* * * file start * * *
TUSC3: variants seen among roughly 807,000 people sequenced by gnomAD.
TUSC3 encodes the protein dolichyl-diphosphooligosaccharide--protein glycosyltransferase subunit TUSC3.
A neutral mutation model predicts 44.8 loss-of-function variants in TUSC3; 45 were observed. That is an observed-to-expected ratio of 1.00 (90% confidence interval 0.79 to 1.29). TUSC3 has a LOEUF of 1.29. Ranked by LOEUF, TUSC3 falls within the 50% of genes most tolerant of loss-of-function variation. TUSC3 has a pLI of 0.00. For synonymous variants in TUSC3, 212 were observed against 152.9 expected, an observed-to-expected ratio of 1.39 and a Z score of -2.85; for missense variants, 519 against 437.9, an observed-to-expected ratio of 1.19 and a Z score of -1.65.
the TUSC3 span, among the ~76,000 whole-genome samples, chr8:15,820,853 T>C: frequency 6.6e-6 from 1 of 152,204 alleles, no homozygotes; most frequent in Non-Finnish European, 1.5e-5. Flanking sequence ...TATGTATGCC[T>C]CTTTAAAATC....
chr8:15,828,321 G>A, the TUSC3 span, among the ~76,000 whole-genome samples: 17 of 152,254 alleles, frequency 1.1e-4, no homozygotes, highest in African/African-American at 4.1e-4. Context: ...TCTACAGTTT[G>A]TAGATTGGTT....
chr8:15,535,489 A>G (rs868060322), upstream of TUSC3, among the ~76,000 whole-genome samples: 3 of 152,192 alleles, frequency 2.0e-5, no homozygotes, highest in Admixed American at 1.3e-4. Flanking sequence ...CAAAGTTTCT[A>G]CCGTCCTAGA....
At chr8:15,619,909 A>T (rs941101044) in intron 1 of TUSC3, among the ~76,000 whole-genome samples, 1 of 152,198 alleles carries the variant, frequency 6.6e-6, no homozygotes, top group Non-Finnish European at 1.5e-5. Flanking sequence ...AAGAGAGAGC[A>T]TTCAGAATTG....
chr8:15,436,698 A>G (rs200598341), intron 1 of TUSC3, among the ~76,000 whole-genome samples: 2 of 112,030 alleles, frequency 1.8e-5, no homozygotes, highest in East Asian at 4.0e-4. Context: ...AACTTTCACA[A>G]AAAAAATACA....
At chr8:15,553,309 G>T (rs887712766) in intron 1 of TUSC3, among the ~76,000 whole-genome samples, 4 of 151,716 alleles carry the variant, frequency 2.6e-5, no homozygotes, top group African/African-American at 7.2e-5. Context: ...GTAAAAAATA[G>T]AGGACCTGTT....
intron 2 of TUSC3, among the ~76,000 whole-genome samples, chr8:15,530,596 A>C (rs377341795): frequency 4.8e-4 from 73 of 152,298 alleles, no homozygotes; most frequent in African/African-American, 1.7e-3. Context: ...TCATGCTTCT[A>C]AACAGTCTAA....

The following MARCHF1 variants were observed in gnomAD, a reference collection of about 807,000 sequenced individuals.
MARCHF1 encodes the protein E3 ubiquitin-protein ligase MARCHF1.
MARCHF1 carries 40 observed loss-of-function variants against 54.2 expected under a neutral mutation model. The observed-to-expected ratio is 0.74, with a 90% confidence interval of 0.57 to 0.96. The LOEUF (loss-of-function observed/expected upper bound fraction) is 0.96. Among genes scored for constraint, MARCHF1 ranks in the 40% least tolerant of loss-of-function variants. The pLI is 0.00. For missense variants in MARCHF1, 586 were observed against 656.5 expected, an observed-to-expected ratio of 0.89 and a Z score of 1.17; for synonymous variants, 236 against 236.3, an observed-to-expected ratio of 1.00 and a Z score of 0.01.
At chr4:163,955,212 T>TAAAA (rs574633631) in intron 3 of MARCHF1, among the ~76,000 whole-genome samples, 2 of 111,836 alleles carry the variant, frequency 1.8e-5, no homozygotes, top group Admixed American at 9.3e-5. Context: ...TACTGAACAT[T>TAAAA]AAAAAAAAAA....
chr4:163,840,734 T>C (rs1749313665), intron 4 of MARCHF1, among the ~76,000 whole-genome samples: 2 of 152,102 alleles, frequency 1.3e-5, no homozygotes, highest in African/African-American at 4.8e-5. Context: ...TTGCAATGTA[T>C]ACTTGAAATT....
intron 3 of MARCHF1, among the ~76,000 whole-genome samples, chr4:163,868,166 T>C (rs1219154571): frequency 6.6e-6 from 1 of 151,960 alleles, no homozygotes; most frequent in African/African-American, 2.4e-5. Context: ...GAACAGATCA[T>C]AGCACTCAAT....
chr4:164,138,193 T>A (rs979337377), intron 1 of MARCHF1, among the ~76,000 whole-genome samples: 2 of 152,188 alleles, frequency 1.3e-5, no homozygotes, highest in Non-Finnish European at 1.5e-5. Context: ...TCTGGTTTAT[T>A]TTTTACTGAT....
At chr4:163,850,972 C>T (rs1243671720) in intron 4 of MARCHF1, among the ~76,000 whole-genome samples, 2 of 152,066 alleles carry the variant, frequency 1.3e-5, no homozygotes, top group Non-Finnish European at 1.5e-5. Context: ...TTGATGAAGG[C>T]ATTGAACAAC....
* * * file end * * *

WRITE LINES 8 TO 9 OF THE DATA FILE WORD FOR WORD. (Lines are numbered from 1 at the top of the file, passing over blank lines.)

chr8:15,436,698 A>G (rs200598341), intron 1 of TUSC3, among the ~76,000 whole-genome samples: 2 of 112,030 alleles, frequency 1.8e-5, no homozygotes, highest in East Asian at 4.0e-4. Context: ...AACTTTCACA[A>G]AAAAAATACA....
At chr8:15,553,309 G>T (rs887712766) in intron 1 of TUSC3, among the ~76,000 whole-genome samples, 4 of 151,716 alleles carry the variant, frequency 2.6e-5, no homozygotes, top group African/African-American at 7.2e-5. Context: ...GTAAAAAATA[G>T]AGGACCTGTT....